Counselling for LGBTQ Related Issues & Gender Identity
It is particularly necessary for LGBTQ people to work with a therapist who understands their experience and culture and who is free from homophobic prejudice. Understanding the culture, scene, concept of family and attitude to monogamy. Marcus offers caring, understanding and sensitive Counselling for LGBTQ related issues, especially for those who are questioning and unsure of what they are feeling and thinking.
What are LGBTQ Issues, isn’t it just ‘life’?
Rates of depression, anxiety and other psychological and mental disturbance are relatively high among LGBTQ people, along with drug and substance misuse (cannabis, poppers, ecstasy, cocaine, ketamine) and a range of addictions. There are often issues in the background of homophobic bullying (at school, for example), being stigmatised, inequality, discrimination, violence, and early, painful rejections by their families and communities of origin. Experiences of shaming, fear, being on the receiving end of casual homophobia and stereotyping are fairly universal.
All the discrimination and rejection you may have experienced while coming to terms with your sexuality can be a source of mental distrsss and low self-worth that can endure for many years and devastate many areas of your life.
Sexual Orientation and Gender Identity Counselling
The difficult process of coming out to friends, family and others is in many ways a lifelong, ongoing challenge
Working through your issues with an LGBTQ friendly therapist
By talking through your problems or concerns in the safe, non-judgemental and confidential environment of counselling, you can begin to build up a solid base of support that can equip you with the coping strategies to challenge the problems you face and help you explore complex and painful emotions including issues such as depression, anxiety or substance abuse. Therapy can also support you to manage complex issues around sex and relationships.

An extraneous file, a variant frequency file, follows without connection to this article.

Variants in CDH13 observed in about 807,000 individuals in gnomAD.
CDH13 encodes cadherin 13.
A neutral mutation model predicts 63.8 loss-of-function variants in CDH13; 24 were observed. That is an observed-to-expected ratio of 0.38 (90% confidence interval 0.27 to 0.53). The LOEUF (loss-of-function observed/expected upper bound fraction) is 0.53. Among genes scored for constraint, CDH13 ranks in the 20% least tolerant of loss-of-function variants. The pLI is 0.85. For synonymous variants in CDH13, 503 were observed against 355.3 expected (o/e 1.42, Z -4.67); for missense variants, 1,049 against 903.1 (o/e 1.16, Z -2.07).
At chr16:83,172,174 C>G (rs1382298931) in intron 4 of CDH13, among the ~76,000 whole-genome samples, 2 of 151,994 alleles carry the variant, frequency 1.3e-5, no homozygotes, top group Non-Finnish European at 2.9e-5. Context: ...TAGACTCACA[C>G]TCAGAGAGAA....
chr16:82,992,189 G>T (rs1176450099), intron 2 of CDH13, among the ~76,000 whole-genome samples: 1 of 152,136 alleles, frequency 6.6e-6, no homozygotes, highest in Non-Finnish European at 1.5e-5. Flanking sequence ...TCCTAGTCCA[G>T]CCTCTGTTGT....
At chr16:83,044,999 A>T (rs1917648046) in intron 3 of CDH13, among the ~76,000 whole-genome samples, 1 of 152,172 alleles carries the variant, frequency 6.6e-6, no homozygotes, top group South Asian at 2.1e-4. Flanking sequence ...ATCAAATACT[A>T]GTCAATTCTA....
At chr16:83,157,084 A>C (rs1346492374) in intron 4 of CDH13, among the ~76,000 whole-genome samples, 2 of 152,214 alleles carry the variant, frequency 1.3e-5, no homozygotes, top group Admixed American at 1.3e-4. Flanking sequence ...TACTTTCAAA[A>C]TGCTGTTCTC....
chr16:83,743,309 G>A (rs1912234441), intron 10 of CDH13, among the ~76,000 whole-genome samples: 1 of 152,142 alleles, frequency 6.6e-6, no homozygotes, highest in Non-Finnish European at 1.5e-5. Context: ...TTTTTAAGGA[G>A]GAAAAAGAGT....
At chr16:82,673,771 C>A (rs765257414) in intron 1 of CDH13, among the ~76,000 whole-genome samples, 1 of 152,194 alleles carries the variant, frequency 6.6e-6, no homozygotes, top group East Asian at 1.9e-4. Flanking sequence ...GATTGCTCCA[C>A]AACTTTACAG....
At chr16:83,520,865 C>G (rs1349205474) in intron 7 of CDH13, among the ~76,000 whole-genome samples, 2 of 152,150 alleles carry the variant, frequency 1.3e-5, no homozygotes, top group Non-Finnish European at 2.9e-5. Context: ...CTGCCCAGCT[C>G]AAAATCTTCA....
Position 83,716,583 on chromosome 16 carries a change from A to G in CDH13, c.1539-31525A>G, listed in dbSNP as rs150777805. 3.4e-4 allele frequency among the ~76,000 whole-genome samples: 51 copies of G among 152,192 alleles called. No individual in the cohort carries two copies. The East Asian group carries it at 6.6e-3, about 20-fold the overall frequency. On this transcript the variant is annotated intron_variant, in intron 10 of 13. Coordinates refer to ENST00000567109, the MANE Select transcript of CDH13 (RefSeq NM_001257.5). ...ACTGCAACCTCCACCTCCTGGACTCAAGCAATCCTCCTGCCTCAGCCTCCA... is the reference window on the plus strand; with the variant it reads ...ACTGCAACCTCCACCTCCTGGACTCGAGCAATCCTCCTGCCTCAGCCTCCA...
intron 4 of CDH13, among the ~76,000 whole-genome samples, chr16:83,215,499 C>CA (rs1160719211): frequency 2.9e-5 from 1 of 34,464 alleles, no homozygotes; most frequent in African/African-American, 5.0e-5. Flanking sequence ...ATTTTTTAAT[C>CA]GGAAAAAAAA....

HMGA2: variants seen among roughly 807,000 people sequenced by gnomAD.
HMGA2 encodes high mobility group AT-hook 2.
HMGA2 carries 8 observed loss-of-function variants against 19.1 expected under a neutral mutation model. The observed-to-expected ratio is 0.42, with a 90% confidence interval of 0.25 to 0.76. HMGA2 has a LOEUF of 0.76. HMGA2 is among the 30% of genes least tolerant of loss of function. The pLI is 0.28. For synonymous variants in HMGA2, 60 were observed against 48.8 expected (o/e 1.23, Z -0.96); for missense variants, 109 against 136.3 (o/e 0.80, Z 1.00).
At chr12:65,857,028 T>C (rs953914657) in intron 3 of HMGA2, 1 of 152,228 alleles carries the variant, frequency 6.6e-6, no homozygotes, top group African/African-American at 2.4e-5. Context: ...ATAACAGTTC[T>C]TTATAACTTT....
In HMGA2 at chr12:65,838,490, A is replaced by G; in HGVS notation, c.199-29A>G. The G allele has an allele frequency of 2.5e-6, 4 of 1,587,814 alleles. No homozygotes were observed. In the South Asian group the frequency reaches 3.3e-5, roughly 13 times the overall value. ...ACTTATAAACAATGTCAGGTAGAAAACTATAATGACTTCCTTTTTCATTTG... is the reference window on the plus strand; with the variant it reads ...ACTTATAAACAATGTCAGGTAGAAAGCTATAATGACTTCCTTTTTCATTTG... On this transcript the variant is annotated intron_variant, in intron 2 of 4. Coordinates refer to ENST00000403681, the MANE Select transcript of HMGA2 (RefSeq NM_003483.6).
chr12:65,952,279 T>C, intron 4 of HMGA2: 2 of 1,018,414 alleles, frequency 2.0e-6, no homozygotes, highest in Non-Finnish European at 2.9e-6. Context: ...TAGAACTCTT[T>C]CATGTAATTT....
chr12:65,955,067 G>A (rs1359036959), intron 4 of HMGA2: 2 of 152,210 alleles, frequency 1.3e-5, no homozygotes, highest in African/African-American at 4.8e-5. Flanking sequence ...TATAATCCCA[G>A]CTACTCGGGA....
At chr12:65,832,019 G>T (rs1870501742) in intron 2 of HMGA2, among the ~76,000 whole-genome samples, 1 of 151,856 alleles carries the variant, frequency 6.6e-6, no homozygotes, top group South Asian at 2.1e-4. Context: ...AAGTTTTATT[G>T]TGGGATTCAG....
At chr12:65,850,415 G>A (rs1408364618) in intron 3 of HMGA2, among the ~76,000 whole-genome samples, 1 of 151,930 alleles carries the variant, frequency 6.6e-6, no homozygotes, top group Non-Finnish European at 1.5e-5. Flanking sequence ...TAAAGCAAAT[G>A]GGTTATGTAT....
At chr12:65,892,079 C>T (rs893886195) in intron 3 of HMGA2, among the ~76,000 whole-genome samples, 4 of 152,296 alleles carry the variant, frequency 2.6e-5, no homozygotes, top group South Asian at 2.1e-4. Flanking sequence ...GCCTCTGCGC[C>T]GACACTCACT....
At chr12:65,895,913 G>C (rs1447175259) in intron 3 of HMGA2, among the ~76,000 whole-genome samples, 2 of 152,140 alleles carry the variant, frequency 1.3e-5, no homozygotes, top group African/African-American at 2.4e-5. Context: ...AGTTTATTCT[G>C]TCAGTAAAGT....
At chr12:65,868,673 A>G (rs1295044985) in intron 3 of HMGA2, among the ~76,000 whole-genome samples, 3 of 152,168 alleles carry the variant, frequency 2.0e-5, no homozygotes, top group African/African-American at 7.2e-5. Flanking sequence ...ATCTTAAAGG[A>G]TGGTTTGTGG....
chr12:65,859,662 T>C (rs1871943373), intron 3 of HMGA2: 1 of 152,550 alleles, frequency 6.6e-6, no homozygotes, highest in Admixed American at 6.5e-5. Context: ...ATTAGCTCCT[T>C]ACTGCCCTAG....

Take the first step and contact Marcus to discuss Counselling for LGBTQ Related Issues or Gender Identity.
Further Information, Articles & Advice about …
30 Ways to Combat Internalized Homophobia
(courtesy of Adam D. Blum of the Gay Therapy Center)
- Find gay friends with whom you identify.
- It takes a while: keep looking until you find them.
- Don’t expect your parents to “get it”, but don’t tolerate rudeness or disrespect.
- Only date kind men.
- Allow yourself the freedom to view all your fantasies in porn.
- Take a sociology class and learn about the arbitrary, made up rules that different societies create about what is okay, and why.
- Type in “love yourself workshop” on a search engine and see what comes up.
- Care deeply about what it was like for you as a gay kid in high school.
- Say “I love you” to yourself even though it feels ridiculous.
- Do something that feels “too feminine,” maybe in private.
- Avoid “friends” who put you down.
- If you are religious, join a church that knows that gay really is good.
- Practice coming out to friendly strangers and work your way up to telling the important people in your life.
- Notice when you are trying to be perfect and remember: it’s futile.
- Take small interpersonal risks every week, such as revealing something that feels slightly vulnerable.
- Read Randy Shilts’ The Mayor of Castro Street.
- Read Alan Down’s The Velvet Rage.
- If you are new-agey, read Louise Hay’s You Can Heal Your Life.
- Raise your political consciousness at a gay fund raising event.
- Love some of your most judgmental family members from afar, rather than in person.
- Never underestimate the power of childhood exposure to homophobia: it’s damaging, and repair will take your full effort.
- Commit to making self-nurturing a new lifetime habit.
- Work with a gay-friendly therapist or coach.
- View a mean homophobe with sadness, imagining how truly scared and insecure he is on the inside.
- Join a gay artistic, athletic, political, community service or support group.
- Get angry about injustice: righteous anger builds self-esteem.
- Treat other gay people especially well.
- Be a witness to your thoughts. By detaching, you’ll notice your illogical, self-critical judgments.
- If you live in a very conservative area, do something on this list at least once per day because you need extra support.
- Create your own list of things you can do. Then do them.
Gay Men & Mental Health
Guardian article on the mental health crisis among Britain’s gay men
Read the article …